(Bloomberg) -- Singapore is proposing to ease regulations for venture capital managers including shortening their application process in a bid to promote financing for startup development.
Under a consultation paper published by the Monetary Authority of Singapore Wednesday, new and existing VC managers won’t be subject to the same capital requirements and business conduct rules that currently apply to fund mangers in general. The MAS will focus primarily on fitness and propriety assessment, and retain regulatory powers to deal with “errant VC managers,” it said in a statement.
The latest plan is part of efforts to support and implement recommendations from a top-level government-appointed committee that are aimed at sustaining Singapore’s growth at an average of 2 percent to 3 percent annually. The plan for VC managers follows initiatives seeking to make it easier to experiment with financial technology in the city-state and represents the latest step by the MAS toward a more agile, flexible regulatory role.
Under the latest proposals, open for public consultation until March 15, the central bank won’t demand that VC managers have directors and representatives with at least five years of relevant experience in fund management. Base capital and risk-based capital requirements will be removed, the MAS said.
It also won’t require VC managers to provide independent valuation, internal audits and audited financial statements -- a proposed change that Paul Santos, Singapore-based managing partner at VC firm Wavemaker Partners, described as “very encouraging.”
“The holding values of startup portfolios are just like mid-term marks,” he said. “Nobody makes any money from these mid-term marks. The only time the values are real are when the companies are wound up or are sold or listed.”
The central bank said other requirements, involving the annual submission of information on funds and the prevention of money laundering and financing of terrorism, will remain unchanged.
Singapore is home to 153 venture capital firms, according to data provider Preqin. The city-state saw record private equity and venture capital investments totaling $3.5 billion in 2016, rising from $2.2 billion in 2015, based on figures from Duff & Phelps, a corporate finance adviser.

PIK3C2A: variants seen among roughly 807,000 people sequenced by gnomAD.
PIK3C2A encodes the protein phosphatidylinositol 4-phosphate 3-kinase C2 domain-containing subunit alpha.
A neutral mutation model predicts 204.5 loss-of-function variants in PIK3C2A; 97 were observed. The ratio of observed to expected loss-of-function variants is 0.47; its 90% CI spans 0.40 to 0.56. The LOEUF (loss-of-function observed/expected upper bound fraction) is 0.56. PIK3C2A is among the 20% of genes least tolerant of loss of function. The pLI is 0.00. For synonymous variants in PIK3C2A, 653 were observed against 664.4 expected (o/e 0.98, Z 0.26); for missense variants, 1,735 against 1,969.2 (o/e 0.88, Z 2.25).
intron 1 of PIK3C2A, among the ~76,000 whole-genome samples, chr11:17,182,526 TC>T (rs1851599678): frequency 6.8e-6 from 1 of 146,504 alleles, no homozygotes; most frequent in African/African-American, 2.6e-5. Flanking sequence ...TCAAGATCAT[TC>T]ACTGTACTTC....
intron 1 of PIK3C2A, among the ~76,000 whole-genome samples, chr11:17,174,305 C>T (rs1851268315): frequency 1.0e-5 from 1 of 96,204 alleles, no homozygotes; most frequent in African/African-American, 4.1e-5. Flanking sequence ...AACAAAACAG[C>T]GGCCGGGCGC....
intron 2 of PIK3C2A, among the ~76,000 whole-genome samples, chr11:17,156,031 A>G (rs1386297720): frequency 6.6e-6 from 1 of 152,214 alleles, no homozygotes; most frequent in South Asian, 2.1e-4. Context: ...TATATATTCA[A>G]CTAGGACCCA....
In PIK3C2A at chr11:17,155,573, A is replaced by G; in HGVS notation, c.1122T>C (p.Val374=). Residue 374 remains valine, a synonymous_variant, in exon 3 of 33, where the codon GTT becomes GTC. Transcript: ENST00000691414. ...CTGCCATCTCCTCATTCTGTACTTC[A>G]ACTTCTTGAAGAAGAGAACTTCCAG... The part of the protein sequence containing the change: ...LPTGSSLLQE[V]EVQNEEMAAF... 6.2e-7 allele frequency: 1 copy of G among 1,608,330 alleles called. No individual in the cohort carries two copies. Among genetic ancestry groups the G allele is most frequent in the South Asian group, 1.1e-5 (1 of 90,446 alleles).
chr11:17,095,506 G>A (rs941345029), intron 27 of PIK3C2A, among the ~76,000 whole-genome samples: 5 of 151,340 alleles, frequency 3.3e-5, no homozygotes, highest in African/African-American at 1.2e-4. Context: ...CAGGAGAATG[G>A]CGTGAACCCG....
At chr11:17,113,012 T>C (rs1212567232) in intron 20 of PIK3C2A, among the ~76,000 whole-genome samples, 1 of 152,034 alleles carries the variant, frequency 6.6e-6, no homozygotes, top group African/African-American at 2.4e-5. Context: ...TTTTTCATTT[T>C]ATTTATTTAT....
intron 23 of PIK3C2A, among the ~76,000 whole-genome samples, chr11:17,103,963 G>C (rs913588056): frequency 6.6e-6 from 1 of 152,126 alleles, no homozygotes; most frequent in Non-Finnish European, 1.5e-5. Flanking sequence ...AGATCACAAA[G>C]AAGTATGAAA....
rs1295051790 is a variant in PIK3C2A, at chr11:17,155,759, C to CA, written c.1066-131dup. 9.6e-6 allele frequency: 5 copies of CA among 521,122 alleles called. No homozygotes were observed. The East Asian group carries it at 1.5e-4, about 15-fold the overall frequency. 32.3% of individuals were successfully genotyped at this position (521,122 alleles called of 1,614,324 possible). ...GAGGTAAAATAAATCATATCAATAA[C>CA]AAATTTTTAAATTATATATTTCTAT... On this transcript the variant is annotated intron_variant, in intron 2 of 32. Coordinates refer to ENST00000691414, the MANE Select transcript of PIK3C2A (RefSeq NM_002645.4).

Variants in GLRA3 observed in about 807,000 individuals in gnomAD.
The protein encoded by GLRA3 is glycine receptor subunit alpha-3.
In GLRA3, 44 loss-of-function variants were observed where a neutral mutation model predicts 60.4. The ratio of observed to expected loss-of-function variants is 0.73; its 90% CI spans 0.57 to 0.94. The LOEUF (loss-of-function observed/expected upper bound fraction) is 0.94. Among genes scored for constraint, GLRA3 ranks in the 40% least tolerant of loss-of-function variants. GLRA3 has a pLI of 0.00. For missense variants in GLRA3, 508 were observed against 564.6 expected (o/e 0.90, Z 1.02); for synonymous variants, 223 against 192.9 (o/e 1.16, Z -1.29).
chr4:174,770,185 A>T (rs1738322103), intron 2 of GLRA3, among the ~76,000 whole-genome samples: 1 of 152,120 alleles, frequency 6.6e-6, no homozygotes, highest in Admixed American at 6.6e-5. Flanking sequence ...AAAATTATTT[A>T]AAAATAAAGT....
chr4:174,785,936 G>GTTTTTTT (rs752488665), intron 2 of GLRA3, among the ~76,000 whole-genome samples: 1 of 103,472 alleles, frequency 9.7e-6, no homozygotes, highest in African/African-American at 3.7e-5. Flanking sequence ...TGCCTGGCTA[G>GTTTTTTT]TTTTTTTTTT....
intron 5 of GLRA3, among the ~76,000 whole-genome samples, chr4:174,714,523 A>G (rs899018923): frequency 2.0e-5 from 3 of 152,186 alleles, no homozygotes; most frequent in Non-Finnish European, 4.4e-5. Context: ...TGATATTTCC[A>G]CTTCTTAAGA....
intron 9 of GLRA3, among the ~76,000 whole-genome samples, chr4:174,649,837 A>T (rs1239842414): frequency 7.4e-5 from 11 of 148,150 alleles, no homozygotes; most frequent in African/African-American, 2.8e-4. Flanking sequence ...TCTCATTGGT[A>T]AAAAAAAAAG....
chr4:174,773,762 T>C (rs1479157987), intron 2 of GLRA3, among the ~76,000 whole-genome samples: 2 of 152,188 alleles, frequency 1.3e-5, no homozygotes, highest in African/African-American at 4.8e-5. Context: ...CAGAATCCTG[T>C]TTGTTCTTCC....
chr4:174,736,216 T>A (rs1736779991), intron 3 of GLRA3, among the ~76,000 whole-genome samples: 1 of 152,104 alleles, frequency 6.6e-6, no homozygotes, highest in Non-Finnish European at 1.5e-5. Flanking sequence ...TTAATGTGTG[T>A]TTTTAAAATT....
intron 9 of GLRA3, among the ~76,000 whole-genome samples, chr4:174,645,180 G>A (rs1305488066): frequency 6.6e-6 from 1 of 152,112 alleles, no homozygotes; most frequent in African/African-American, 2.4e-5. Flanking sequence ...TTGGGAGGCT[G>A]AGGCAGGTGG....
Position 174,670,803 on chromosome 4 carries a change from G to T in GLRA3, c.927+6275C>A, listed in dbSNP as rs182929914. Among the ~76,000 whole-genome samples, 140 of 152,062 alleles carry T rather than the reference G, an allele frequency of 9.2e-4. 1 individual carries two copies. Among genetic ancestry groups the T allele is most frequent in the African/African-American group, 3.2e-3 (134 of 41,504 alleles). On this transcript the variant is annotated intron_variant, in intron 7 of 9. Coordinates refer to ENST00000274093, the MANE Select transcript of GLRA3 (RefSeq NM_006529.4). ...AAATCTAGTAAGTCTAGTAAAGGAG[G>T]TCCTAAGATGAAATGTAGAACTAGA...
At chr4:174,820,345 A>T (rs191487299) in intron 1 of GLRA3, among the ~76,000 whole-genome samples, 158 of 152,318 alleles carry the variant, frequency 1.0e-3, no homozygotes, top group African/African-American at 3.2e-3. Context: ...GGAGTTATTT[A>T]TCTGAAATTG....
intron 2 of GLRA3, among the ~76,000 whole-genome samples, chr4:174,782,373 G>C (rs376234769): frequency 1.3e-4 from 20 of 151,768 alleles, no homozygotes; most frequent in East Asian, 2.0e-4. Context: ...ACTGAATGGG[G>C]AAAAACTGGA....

The island-nation is taking steps to address a lack of technology initial public offerings on its stock exchange, with the Singapore government-appointed committee last week recommending that dual-class stock be allowed. This share-ownership structure has enabled minority shareholders to control some of the world’s largest technology companies including Facebook Inc. and Alphabet Inc.
Singapore isn’t the only country in Southeast Asia trying to lure startups. Last year, Indonesia announced plans to establish a dedicated section within its main stock exchange to host IPOs by startups, pursuing its vision of becoming a regional cradle of technology entrepreneurs.
The city-state’s planned easing of requirements for VC managers may bring in more of such firms, but the MAS would need to mitigate any risks through the enforcement of industry standards, according to James Bitanga, chief legal officer at Reapra Pte, a Singapore-based VC firm.
“While there is an implicit recognition here that VC investments take on a different risk profile than that of other types of investments, we should wait and see how the government plans to ensure that it can attract and retain quality VC players,” Bitanga said.
(Updates with comments from VC firm in sixth paragraph.)
--With assistance from Yoolim Lee
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